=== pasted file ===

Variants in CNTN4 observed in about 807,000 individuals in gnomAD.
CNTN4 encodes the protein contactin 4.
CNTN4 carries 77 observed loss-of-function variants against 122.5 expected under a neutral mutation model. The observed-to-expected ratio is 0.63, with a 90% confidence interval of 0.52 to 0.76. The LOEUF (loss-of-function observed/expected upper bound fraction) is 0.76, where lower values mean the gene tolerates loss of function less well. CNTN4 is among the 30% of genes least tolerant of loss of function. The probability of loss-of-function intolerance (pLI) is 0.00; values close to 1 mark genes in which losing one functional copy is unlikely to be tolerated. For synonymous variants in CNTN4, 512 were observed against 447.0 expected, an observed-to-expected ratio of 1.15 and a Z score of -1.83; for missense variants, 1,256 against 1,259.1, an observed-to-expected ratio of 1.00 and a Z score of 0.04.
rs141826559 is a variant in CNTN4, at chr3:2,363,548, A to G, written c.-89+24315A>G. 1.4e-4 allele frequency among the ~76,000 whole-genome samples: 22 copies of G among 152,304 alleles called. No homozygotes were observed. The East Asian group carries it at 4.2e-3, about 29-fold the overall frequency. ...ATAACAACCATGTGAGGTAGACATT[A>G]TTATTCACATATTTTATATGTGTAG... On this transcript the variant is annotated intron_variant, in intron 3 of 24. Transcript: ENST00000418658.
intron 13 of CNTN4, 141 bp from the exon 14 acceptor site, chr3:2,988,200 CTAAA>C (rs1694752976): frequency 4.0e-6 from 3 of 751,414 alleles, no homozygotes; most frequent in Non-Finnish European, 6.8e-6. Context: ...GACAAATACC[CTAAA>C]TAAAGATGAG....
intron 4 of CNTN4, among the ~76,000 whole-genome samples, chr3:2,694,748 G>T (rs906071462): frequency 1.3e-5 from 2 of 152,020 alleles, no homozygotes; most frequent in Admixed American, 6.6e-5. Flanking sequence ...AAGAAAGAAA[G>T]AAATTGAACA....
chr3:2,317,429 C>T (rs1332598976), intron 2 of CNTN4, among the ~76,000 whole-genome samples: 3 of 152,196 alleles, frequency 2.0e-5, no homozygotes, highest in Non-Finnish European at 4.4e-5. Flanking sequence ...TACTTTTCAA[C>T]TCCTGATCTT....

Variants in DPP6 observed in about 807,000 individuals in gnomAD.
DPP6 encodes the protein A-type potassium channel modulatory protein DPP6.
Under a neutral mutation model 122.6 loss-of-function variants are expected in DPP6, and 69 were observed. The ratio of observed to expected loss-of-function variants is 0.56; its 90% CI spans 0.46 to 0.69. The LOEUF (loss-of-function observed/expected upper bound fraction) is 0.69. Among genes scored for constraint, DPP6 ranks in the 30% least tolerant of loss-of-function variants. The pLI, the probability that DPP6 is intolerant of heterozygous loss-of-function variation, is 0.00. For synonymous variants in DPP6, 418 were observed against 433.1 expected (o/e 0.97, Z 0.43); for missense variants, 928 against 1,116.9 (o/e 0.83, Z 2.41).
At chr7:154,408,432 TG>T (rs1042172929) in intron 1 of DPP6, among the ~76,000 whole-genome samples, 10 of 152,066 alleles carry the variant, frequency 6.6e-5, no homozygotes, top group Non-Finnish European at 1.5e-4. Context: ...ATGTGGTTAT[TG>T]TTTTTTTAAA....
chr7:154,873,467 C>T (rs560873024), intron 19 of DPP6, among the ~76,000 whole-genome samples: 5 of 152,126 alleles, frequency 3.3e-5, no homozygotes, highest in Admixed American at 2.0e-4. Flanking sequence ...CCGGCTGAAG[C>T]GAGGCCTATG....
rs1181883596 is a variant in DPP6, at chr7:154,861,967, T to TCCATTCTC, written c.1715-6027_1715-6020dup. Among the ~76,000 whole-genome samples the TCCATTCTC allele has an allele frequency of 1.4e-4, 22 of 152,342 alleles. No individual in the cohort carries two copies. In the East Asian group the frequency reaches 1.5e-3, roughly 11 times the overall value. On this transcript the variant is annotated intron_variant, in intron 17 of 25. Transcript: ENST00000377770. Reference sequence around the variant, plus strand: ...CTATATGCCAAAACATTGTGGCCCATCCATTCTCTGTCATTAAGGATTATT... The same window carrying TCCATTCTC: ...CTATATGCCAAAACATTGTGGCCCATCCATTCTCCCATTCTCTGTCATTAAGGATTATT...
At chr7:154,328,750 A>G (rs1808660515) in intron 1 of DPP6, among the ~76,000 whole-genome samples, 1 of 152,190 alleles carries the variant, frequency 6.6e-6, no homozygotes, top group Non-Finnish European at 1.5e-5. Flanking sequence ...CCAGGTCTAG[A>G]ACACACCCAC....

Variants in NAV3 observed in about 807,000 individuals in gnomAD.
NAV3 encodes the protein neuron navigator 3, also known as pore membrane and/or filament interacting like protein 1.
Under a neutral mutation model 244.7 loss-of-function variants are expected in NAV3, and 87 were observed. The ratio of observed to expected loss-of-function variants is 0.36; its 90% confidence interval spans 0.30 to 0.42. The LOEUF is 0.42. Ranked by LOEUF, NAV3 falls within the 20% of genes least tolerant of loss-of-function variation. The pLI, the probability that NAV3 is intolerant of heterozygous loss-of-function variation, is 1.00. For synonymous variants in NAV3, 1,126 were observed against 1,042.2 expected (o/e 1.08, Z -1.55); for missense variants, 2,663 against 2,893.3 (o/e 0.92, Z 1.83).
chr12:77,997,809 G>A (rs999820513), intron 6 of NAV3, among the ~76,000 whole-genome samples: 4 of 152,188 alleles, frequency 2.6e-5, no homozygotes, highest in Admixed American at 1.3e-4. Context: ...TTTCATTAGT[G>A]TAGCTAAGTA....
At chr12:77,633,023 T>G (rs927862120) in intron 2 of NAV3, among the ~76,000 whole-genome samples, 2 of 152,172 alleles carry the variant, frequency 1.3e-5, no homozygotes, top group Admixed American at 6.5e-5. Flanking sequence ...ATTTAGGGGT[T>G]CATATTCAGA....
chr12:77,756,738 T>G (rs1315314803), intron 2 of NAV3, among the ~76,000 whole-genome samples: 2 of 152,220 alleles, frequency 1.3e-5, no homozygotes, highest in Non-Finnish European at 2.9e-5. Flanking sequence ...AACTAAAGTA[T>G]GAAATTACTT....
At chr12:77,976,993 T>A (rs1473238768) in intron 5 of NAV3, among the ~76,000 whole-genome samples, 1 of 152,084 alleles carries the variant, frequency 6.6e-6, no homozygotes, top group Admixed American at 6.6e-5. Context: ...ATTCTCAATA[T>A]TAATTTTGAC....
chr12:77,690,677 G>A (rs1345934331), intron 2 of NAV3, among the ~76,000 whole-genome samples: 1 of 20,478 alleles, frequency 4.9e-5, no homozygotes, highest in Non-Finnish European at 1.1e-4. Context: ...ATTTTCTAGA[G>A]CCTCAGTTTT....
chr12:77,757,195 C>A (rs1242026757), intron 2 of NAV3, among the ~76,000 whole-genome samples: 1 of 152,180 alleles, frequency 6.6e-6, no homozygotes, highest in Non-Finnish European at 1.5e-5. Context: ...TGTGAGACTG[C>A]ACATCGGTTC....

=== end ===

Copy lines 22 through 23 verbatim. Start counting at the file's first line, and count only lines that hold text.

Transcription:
chr12:77,690,677 G>A (rs1345934331), intron 2 of NAV3, among the ~76,000 whole-genome samples: 1 of 20,478 alleles, frequency 4.9e-5, no homozygotes, highest in Non-Finnish European at 1.1e-4. Context: ...ATTTTCTAGA[G>A]CCTCAGTTTT....
chr12:77,757,195 C>A (rs1242026757), intron 2 of NAV3, among the ~76,000 whole-genome samples: 1 of 152,180 alleles, frequency 6.6e-6, no homozygotes, highest in Non-Finnish European at 1.5e-5. Context: ...TGTGAGACTG[C>A]ACATCGGTTC....